Rivers continue to rise behind Hurricane Matthew
    October 10 2016 by K. Allan Blume and Dianna L. Cagle, BR staff

    North Carolina continues to reel from the after effects of Hurricane Matthew.
     
    As rising rivers have yet to crest in many areas, North Carolina Baptists are responding where they can.
     
    North Carolina Baptist Men (NCBM), also known as Baptists on Mission, is the disaster relief ministry of North Carolina Baptists. Executive Director Richard Brunson said they are responding to the crisis as quickly as conditions will allow.
     
    Manna One, a 30,000 meal-per-day unit, is moving from Jacksonville, Fla., today (Oct. 10). “It was assigned there because we didn’t think North Carolina was going to get hit as hard as it did,” Brunson said. “Turns out North Carolina probably got hit harder than any other state. We got another state (Kentucky Baptist Disaster Relief) to take our place in Florida.”

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    Baptists on Mission photo
    A team of North Carolina Baptists on Mission serves its first meal today (Oct. 10) at Cedar Falls Baptist Church in Fayetteville. Electrical power is coming from the kitchen trailer’s on-board generator. A tanker truck is supplying potable water for cooking, cleaning and showers. The church and surrounding community do not have power or drinking water.

     

    The unit served lunch in Jacksonville before heading to Lumberton, N.C., where volunteers plan to begin serving meals Tuesday (Oct. 11) at Hyde Park Baptist Church. The primary service areas are Robeson and Columbus counties, where flooding is severe.
     
    Unit Two, another 30,000 meal-per-day unit, is set up at Cedar Falls Baptist Church on the north side of Fayetteville. Volunteers began serving meals for three counties with lunch today (Oct. 10).
     
    The Red Springs Mission Camp, operated by NCBM, is serving Robeson and surrounding counties, “We’ll probably send a lot of volunteers there for mud-out and tear-out once all of the water goes down,” Brunson said. “The water hasn’t even crested.”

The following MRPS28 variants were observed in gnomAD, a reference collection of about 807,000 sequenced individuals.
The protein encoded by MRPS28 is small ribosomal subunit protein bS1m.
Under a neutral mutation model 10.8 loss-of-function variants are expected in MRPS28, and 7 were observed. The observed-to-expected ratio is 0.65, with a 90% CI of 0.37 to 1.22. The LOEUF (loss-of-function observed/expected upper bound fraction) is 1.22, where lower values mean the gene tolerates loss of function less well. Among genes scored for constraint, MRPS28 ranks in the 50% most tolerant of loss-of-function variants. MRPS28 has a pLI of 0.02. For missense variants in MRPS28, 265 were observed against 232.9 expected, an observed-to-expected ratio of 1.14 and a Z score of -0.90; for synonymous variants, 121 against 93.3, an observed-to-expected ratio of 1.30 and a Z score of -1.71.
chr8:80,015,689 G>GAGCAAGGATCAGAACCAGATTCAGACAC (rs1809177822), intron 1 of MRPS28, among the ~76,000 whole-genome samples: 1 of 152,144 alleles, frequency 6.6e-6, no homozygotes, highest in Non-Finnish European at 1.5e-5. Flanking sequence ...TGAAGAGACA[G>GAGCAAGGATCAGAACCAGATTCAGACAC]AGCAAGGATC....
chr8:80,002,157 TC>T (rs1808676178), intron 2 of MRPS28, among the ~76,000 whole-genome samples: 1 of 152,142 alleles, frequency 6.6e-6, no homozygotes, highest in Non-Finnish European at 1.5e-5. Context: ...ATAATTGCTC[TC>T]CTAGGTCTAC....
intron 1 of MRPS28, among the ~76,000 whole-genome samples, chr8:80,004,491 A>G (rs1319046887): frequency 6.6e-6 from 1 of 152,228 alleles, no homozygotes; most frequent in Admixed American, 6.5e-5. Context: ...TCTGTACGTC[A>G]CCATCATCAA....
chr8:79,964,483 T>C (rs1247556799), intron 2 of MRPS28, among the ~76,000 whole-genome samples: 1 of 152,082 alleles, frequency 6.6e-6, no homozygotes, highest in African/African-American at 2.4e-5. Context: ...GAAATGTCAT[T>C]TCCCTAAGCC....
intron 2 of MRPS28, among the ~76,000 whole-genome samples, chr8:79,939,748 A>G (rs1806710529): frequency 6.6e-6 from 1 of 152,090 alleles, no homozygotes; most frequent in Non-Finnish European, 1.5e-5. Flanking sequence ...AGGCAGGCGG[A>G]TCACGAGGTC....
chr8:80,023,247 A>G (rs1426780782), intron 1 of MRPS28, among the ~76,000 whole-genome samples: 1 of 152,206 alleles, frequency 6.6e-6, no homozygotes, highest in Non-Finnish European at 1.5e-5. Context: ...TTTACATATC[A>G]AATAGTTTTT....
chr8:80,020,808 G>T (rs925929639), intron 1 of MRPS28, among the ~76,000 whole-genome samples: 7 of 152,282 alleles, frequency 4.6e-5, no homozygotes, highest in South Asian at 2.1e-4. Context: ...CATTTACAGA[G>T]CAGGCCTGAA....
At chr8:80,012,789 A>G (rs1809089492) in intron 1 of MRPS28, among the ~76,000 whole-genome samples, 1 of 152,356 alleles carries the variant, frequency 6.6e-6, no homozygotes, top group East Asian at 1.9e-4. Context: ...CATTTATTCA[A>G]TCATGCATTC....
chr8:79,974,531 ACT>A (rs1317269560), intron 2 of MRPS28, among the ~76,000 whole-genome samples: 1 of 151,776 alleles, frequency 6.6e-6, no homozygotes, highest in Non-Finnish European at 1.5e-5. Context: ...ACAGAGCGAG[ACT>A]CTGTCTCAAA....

Virginia Baptist Disaster Response has been asked to set up at Englewood Baptist Church in Rocky Mount. “They’ll probably be set up and running by Wednesday,” said Brunson.
     
    “We’ve asked Arkansas (Baptist State Convention Disaster Relief) to go to Oakmont Baptist in Greenville,” he continued. “We’re moving our Unit Three, which is a 20,000 meal-per-day unit, to First Baptist in Kinston. The water hasn’t crested yet in Kinston, either.”
     
    Missouri Baptist Disaster Relief is setting up at Western Prong Baptist Church in Whiteville.
     
    First Baptist Church in Wallace will also be serving as a host site.
     
    Brunson said the areas encompassing Rocky Mount, Greenville, Fayetteville, Kinston, Clinton, Lumberton and Whiteville appear to have the greatest damage and power outage at this point. Power is not expected to be restored for four to seven days in some counties.
     
    A site is available in Williamston if needed. All feeding stations are coordinated with Red Cross, so some decisions are pending.
     
    Brunson emphasized, “This is going to be a long [process]. We could very well be working on homes and churches a year or two from now because of this flood. In places it’s going to be comparable to Floyd; in some places it’ll be worse than Floyd.”
     
    Hurricane Floyd, the sixth named storm and fourth hurricane in 1999, followed a similar path along the eastern seaboard as Matthew did but struck North Carolina when it was a Category 2 hurricane. Floyd was a Category 4 hurricane when it struck the Bahamas and turned up the eastern side of Florida, hugging the coast similar to the way Matthew did. 
     
    Hurricane Dennis had brought about 15 inches of rain a few weeks earlier. Nearly every river basin in the eastern part of North Carolina exceeded 500-year flood levels. Floyd was responsible for 57 fatalities (35 in N.C.) and $6.9 billion in damage. (That figure would be $9.8 billion in 2016 monetary listings.) The World Meteorological Organization retired the name Floyd after the massive destruction caused.
     
    Hurricane Irene hit about a month later dropping an additional six inches of rain.
     
    In an email Brunson asked N.C Baptists to “pray for people who were affected by Hurricane Matthew. [It] is a very big disaster that will affect our state for a long time. We plan to be involved in helping people for many days, weeks and even years to come and we welcome you and your church to be a part of these efforts.”
     
    NCBM is also responding to the damage from Matthew in the Caribbean. Paul Langston, NCBM missions mobilization consultant, leaves Tuesday (Oct. 11) for Cuba. “We have a large water purification unit that delivers 2,500 gallons a day, and we’ve given it to the Eastern Baptist Convention in Cuba,” Brunson said. “They’re in desperate need of clean water. We have partners in Haiti that we’re working with as well.”
     

    Baptist facilities

    N.C. Baptists’ popular retreat center at Fort Caswell took a direct hit from Matthew but suffered little damage according to John Butler, executive leader of business services for the Baptist State Convention of North Carolina.